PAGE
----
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Monday, Jan 30, 2023

'Dr. Doom' economist Nouriel Roubini says we'll have inflation for a long, long time. He blame wars, the robot revolution, and 3 other disasters that will plague the global economy.

'Dr. Doom' economist Nouriel Roubini says we'll have inflation for a long, long time. He blame wars, the robot revolution, and 3 other disasters that will plague the global economy.

Inflation is sticking around, and you can blame war, robots, and rampant disease for that, according to "Dr. Doom" economist Nouriel Roubini.

"Dr. Doom" Nouriel Roubini warned that we'll have inflation for a long, long time – and you can blame, wars, the robot revolution, and slew of other disasters that will plague the global economy.

"Inflation rose sharply throughout 2022 across both advanced economies and emerging markets. Structural trends suggest that the problem will be secular rather than transitory," the top economist said in a recent op-ed for Project Syndicate.

That comes after a difficult year for the US economy, with prices hitting a 41-year-high in 2022 and still hovering well-above the Fed's 2% target. According to Roubini, central bankers around the world are unlikely to bring down inflation without causing a severe recession, which could spell trouble for the global financial system considering that many households, banks, and governments are heavily indebted.

Central bankers can't cushion a debt crisis without slashing interest rates, which could worsen inflation. That impasse could slam the global economy with "the mother of all stagflationary debt crises," Roubini warned, a financial disaster that entails high unemployment, high inflation, and in the US, a steep stock market crash.

Roubini, who called the 2008 recession and is known for his doomsayer predictions on Wall Street, has said that sort of inflationary-debt disaster is inevitable at this point. It could also stretch on for years, he warned, pointing to five major problems in the global economy that could jack up prices and government spending, exacerbating the incoming crash.


Wars


Russia's invasion of Ukraine disrupted supply chains and has already rattled the global economy, but geopolitical conflict could spread across the world, Roubini said. He pointed to tensions between the US and other major powers, such as the Middle East, Iran, and China, and previously warned that World War III has already begun. 

Tensions are leading many powers to build up their shore of military supplies, including NATO, Europe, and the US. That burden on national budgets could exacerbate high-debt levels and inflation, prolonging the financial crisis he's warned of.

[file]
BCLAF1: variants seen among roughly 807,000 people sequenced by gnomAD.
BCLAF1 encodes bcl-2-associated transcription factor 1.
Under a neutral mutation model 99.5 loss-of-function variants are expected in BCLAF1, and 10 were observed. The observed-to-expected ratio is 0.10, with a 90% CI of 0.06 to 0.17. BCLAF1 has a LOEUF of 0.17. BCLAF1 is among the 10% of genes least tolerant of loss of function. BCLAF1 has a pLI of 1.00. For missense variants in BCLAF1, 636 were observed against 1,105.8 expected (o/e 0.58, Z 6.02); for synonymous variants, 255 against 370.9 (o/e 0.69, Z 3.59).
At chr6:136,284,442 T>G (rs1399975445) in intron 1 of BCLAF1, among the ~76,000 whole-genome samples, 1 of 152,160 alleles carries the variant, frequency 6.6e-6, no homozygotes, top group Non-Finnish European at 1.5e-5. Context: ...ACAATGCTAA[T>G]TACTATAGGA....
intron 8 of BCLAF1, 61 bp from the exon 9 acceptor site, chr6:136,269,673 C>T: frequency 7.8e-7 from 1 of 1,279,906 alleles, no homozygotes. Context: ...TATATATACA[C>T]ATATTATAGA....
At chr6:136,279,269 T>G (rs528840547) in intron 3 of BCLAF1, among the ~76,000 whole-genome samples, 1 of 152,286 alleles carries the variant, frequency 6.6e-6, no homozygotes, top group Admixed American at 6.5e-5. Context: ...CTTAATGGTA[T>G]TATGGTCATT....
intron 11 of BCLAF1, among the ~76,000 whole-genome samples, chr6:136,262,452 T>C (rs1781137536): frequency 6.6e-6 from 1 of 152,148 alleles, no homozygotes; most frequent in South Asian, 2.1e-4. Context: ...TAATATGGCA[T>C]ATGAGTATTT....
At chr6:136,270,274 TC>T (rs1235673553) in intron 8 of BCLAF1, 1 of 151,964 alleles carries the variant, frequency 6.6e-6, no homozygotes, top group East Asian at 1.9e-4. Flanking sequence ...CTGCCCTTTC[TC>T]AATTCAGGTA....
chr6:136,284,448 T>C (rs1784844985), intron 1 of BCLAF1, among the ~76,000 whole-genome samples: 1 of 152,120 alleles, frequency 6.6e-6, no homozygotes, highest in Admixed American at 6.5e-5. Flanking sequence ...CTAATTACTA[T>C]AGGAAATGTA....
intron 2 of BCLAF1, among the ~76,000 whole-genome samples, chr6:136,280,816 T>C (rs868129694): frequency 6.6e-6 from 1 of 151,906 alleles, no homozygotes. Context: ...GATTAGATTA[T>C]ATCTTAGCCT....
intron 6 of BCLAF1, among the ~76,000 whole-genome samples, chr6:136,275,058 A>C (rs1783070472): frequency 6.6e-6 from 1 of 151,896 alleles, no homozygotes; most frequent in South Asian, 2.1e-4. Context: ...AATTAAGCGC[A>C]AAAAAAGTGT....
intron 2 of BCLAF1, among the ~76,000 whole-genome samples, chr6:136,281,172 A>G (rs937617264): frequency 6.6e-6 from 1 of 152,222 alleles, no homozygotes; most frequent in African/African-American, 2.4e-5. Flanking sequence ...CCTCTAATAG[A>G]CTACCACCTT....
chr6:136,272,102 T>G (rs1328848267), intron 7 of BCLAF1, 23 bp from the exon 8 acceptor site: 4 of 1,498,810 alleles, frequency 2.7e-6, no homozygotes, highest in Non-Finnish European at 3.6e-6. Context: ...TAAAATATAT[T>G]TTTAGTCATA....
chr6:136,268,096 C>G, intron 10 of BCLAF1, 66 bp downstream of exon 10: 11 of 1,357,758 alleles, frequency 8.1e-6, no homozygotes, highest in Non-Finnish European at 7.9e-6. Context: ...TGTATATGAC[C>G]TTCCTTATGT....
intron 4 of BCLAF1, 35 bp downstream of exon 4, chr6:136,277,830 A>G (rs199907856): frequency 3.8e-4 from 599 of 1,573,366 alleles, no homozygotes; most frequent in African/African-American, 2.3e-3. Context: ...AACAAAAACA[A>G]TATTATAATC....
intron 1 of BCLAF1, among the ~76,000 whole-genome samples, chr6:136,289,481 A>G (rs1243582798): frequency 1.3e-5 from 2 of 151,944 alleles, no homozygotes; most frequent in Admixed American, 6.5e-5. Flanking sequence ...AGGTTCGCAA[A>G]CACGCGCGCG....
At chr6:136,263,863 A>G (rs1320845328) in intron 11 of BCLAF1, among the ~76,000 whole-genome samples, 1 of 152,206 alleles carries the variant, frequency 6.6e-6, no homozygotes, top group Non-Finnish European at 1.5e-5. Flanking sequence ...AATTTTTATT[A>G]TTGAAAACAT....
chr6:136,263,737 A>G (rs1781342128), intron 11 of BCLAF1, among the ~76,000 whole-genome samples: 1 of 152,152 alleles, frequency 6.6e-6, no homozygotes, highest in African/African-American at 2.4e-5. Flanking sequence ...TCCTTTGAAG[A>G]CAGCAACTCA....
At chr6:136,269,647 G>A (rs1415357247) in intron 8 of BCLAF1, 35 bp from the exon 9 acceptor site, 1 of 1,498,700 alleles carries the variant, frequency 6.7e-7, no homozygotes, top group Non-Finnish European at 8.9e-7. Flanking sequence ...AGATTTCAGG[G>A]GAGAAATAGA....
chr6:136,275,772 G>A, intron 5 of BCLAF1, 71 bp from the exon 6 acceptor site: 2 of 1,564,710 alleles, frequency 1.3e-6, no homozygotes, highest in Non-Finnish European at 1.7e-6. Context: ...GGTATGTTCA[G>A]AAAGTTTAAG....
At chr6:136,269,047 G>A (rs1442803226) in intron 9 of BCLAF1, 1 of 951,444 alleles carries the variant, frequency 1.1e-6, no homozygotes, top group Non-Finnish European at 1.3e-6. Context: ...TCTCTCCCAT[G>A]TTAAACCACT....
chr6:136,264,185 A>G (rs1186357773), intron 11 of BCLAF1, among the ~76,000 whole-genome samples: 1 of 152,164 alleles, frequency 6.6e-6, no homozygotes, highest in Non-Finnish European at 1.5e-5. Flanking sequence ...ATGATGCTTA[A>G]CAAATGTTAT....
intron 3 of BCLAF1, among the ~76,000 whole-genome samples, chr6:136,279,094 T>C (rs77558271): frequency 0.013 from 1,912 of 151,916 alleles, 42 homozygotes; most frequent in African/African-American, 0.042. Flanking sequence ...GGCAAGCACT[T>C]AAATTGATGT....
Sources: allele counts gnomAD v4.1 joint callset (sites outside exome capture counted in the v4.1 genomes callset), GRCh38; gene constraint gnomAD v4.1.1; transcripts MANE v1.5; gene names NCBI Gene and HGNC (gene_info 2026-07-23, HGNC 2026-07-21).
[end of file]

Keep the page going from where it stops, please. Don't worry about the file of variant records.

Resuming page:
Climate change


The global economy is also waging a war against climate change, which could be expensive to resolve.

"Climate-change mitigation and adaption could cost trillions of dollars per year for decades to come, and it is silly to think that all these investments will boost growth," Roubini said, adding that nations would likely become poorer over time.

"A significant share of the existing capital stock will have to be replaced, either because it has become obsolete or because it has been destroyed by climate-driven events."


Rampant disease


The spread of COVID-19 isn't over, and neither are pandemics. Roubini predicted disease outbreaks would become rampant in the future, partly due to the effects of climate change. That could significantly rack up government debt as leaders attempt to tackle one public health crisis after the other, while also confronting the costs of welfare for an aging society.


The robot revolution


The global economy will be slammed by "globotics," as Roubini calls it, or the innovation stemming from globalization and automation. While some argue those factors are spurring economic growth, they're a major threat to blue- and white-collar workers, meaning governments could be forced to shell out huge sums of cash if robots, AI technology, and other advancements put people out of work.

The costs could be hefty, Roubini warned. He estimated that the US could lose about 20% of its GDP if the government doles out a basic income of $1000 per person a month.


Wealth inequality


Wealth gaps are sparking unrest among the young and the middle- and working-classes, Roubini said, which could be expensive for government leaders to smooth over.

"To prevent populist regimes from coming to power and pursuing reckless, unsustainable economic policies, liberal democracies will need to spend a fortune to reinforce their social safety nets – as many are already doing," he said.

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